Alternating Bass In Four Easy Steps

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Exercise 1

Getting the hang of playing an alternating bass line while strumming takes a little practice. It’s well worth the effort! In this lesson, we’ll take our first small step towards this goal.

Below is the tab for our first alternating bass exercise. Use your thumb to pick each note. You should also count along to the beat with 1, 2, 3, 4, 1, 2, 3, 4 to help you keep time. Each note lasts one beat, then rest one beat, play the next note one beat, and then rest one beat.

For example, play the A string one beat, rest one beat, play the E string one beat, rest one beat, and repeat.

This bouncing bass line that we’re playing is the foundation of alternating bass. In most alternating bass lines we are simply changing the lowest note back and forth from the root note to the 5th.

In our example exercise, the bass line would be for an A chord. Don’t worry, this part will make more sense to you in a future step when we add the rest of the chord voicing.

The A note is our root note. It’s the lowest note and foundation of the chord. It’s 5th, being the 5th scale step in the A major scale, is E. So, for an A chord, we’ll alternate between A and E.

You can also try variations. Try alternating between the open D string and the open A string just like we did with A and E. Start on the D note. This would be for a D chord.

Next, try alternating between the C on the 3rd fret of the A string and the G on the 3rd fret of low E string.  This would be an alternating bass line for a C chord.

Exercise 2

We’re going to play the same exercise this time around, but this time, you should also tap your foot and count along to the beat with 1, 2, 3, 4, 1, 2, 3, 4 to help you keep time. Each note lasts one beat, then rest one beat, play the next note one beat, and then rest one beat.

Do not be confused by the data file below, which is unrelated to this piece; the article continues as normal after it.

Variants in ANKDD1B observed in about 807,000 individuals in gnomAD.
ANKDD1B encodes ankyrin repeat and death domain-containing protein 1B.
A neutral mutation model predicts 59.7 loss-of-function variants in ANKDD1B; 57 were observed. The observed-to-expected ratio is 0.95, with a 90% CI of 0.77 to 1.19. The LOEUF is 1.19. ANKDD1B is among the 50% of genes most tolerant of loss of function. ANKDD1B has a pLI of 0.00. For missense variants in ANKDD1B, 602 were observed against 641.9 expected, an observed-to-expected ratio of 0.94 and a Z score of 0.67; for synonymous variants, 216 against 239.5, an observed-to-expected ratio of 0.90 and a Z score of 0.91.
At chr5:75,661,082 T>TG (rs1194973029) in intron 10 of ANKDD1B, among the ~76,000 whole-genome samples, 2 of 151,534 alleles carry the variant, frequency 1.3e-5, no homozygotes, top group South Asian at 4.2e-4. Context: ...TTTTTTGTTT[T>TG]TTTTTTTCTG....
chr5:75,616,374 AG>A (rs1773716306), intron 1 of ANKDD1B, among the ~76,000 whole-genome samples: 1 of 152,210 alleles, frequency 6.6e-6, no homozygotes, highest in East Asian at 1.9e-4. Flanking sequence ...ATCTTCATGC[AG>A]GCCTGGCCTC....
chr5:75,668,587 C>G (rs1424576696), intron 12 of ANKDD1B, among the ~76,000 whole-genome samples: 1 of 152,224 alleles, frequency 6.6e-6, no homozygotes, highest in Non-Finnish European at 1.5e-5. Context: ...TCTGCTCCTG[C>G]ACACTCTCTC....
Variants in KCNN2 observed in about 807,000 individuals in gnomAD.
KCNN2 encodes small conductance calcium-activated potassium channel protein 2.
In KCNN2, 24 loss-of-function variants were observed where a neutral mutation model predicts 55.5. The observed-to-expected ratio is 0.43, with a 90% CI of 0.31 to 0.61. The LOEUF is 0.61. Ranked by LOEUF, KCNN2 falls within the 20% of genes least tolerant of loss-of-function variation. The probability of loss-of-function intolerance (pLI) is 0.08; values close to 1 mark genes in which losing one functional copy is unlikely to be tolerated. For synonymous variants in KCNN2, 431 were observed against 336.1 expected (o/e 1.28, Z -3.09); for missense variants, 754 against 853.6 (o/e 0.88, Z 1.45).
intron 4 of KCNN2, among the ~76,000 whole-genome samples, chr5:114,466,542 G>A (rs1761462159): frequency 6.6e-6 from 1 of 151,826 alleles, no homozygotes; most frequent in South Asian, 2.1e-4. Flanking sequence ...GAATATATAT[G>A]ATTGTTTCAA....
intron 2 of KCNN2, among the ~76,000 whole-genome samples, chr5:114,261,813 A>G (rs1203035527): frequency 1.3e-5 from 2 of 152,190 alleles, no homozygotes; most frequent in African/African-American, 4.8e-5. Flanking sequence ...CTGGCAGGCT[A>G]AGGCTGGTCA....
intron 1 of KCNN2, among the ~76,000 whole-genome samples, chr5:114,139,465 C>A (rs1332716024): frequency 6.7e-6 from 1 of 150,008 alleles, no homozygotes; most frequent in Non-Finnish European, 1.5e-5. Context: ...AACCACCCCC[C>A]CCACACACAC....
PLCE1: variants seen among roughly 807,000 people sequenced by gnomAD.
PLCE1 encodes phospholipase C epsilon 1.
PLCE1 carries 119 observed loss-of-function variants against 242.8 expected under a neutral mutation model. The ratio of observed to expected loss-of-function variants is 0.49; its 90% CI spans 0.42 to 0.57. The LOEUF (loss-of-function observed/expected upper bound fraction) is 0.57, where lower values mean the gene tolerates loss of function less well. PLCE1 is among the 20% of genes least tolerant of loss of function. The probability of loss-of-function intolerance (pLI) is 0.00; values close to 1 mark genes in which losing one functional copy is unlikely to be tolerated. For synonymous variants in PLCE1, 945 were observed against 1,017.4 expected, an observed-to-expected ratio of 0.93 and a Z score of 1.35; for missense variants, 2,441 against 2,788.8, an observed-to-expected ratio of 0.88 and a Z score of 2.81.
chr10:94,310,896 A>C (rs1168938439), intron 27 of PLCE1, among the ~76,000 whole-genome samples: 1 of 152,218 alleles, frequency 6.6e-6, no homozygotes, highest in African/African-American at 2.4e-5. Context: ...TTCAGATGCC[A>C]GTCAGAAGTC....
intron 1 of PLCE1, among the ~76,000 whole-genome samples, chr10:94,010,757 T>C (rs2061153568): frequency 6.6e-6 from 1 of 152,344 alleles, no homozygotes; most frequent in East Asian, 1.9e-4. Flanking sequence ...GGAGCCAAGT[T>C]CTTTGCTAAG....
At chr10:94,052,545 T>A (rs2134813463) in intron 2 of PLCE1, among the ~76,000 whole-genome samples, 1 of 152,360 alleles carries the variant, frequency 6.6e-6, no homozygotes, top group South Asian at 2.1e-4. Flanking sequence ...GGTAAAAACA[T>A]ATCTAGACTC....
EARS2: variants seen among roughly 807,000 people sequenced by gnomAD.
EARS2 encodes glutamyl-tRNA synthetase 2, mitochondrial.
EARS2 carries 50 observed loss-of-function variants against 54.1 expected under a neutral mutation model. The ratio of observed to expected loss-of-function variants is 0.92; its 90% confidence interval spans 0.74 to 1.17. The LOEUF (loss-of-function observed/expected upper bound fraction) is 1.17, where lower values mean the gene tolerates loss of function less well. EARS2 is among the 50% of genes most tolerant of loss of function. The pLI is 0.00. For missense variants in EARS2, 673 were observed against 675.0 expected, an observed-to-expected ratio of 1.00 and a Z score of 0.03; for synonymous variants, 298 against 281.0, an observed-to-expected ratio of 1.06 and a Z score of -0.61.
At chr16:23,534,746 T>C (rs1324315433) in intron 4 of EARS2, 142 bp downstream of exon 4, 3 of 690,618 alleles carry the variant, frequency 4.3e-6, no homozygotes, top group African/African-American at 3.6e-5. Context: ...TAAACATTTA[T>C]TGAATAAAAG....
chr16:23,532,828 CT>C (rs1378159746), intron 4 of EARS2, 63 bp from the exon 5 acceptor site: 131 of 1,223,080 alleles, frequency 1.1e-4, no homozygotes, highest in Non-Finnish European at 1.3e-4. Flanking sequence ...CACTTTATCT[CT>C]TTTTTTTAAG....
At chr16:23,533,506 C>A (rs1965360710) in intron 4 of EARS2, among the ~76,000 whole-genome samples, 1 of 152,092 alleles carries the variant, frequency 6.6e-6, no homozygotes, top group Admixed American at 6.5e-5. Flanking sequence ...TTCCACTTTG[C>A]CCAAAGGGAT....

For example, play the A string one beat, rest one beat, play the E string one beat, rest one beat, and repeat.

 

Why The Same Exercise?

This exercise differs with the exercise in step one in that we want the emphasis on keeping time by tapping our foot. The timing of the alternating bass is of the utmost importance, so special attention to the matter is important:

Exercise 3

To break this down for you, play the A string on beat one, slap the strings on beat two, play the low E string on beat three, slap the strings on beat 4, and repeat over and over.

It doesn’t have to be a slap of the strings, you could simply pluck the open strings with a heavy mute. Whatever you want to do. The goal is to provide a percussive element without having to worry about what notes to fret.

See the little “x” on the B, G, and D strings. This is signifying the percussive strum that I’m talking about. We don’t want any notes to sound out during this part. We want more of a drum-like sound.

 

Keeping Time…

Keep tapping your foot while you’re playing the exercise. You can also count along- especially at first. Try the exercise at different speeds. What’s important is that once you pick a tempo that you stick to that tempo. Try not to rush or drag. That tapping foot should help keep you in line:

Exercise 4

In this exercise, instead of adding the percussive strum on beats 2 and 3, we’ll round out the chord voicing.

On beats 1 and 3 you’ll find the alternating bass and in between those notes is the rest of the implied chord. In this case, the implied chord is A. In beat one is a singular A note, beat 2 an A chord is strummed, beat 3 we play the 5th (which is E), and during beat 4 we play the A chord again. The perceived motion is derived from the bouncy bass line that alternates between A and E. The bass line is always the lowest note. In this case, it’s the open A and low E strings.

What we have at this point is the basic alternating bass strum pattern that can be used in a variety of music including blues, folk, and country.